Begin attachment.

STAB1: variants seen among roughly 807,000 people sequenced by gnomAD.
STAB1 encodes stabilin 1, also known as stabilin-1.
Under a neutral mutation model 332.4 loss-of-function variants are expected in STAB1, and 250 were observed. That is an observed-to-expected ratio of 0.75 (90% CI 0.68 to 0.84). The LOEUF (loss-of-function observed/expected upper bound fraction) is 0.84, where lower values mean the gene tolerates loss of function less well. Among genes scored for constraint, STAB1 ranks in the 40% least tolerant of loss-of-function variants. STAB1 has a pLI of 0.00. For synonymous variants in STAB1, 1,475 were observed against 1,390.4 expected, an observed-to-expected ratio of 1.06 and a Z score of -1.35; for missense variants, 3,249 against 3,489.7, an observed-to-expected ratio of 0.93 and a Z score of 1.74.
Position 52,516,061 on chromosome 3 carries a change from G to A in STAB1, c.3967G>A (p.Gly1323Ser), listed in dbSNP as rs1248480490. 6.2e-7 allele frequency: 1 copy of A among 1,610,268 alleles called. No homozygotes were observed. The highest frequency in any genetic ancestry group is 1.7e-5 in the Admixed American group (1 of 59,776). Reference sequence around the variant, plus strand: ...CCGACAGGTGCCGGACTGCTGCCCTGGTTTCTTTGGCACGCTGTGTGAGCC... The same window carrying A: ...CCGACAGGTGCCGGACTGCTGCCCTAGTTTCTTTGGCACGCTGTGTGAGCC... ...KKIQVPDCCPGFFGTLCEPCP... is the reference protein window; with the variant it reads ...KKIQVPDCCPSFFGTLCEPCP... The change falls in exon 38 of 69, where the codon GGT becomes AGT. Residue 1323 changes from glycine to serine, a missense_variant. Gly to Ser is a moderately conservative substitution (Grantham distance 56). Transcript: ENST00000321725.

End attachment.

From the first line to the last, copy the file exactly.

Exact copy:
STAB1: variants seen among roughly 807,000 people sequenced by gnomAD.
STAB1 encodes stabilin 1, also known as stabilin-1.
Under a neutral mutation model 332.4 loss-of-function variants are expected in STAB1, and 250 were observed. That is an observed-to-expected ratio of 0.75 (90% CI 0.68 to 0.84). The LOEUF (loss-of-function observed/expected upper bound fraction) is 0.84, where lower values mean the gene tolerates loss of function less well. Among genes scored for constraint, STAB1 ranks in the 40% least tolerant of loss-of-function variants. STAB1 has a pLI of 0.00. For synonymous variants in STAB1, 1,475 were observed against 1,390.4 expected, an observed-to-expected ratio of 1.06 and a Z score of -1.35; for missense variants, 3,249 against 3,489.7, an observed-to-expected ratio of 0.93 and a Z score of 1.74.
Position 52,516,061 on chromosome 3 carries a change from G to A in STAB1, c.3967G>A (p.Gly1323Ser), listed in dbSNP as rs1248480490. 6.2e-7 allele frequency: 1 copy of A among 1,610,268 alleles called. No homozygotes were observed. The highest frequency in any genetic ancestry group is 1.7e-5 in the Admixed American group (1 of 59,776). Reference sequence around the variant, plus strand: ...CCGACAGGTGCCGGACTGCTGCCCTGGTTTCTTTGGCACGCTGTGTGAGCC... The same window carrying A: ...CCGACAGGTGCCGGACTGCTGCCCTAGTTTCTTTGGCACGCTGTGTGAGCC... ...KKIQVPDCCPGFFGTLCEPCP... is the reference protein window; with the variant it reads ...KKIQVPDCCPSFFGTLCEPCP... The change falls in exon 38 of 69, where the codon GGT becomes AGT. Residue 1323 changes from glycine to serine, a missense_variant. Gly to Ser is a moderately conservative substitution (Grantham distance 56). Transcript: ENST00000321725.